Heading to college with the idea of becoming a journalist, he was required to take a photography class as part of his major. “That’s what spun me in a visual direction,” McNally recalls. “Then I stayed in school beyond that, because I really didn’t have enough training. I stayed for two more years and eventually got a master’s degree in photojournalism from Syracuse University.”
We caught up with McNally as he was on the road for a seminar and gearing up for the October 2010 release of his latest book, The LIFE Guide to Digital Photography. Being on the road is nothing new for McNally. Although born in New Jersey, his family moved often when he was a child. He reports his professional career has always been based in and around New York City.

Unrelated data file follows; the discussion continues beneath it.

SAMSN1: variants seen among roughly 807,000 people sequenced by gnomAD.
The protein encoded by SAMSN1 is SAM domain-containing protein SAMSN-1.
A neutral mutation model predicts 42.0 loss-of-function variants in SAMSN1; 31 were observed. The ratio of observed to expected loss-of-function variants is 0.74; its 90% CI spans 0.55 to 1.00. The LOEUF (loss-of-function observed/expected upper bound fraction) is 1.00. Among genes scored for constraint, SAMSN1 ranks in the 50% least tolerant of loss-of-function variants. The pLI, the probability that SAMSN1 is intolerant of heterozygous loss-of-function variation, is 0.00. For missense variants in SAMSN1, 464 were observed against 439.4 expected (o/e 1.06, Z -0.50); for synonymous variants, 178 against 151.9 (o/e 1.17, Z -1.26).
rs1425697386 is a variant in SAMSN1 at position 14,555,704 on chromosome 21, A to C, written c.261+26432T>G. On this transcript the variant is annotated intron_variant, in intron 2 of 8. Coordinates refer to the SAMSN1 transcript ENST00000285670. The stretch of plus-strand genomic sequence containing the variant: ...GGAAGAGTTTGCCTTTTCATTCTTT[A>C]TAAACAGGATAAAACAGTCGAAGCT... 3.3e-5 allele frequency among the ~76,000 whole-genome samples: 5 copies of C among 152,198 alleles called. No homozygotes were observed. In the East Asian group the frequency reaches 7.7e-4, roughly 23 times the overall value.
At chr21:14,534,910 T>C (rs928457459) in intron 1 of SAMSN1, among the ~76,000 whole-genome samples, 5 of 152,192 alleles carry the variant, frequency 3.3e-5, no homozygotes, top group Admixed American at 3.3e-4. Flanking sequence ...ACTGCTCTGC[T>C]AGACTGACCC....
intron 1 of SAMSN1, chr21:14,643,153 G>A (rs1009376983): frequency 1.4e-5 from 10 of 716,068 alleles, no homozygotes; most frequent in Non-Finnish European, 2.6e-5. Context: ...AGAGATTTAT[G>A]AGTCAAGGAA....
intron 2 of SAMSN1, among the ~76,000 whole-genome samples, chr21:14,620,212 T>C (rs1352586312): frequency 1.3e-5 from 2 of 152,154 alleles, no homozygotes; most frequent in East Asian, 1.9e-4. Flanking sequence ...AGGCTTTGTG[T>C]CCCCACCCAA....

Perhaps the constant moving during his formative years has helped McNally develop his adaptability skills. Working for a wide range of publications and corporate clients, not to mention navigating the personalities of countless local individuals the around the world, flexibility has been one of the keys to his continued success. “Every magazine has its own essential character or quality, and its own purview,” McNally explains. “Some magazines are generalist kind of magazines, some obviously vector in on a certain world, like Sports Illustrated. National Geographic tends to visit big themes: science, medicine, conservation, social geography, physical geography, that kind of thing. I think it’s a question of adaptability, when you work for a variety of people. You recognize their mission is paramount and you adapt your skills to implement that mission.”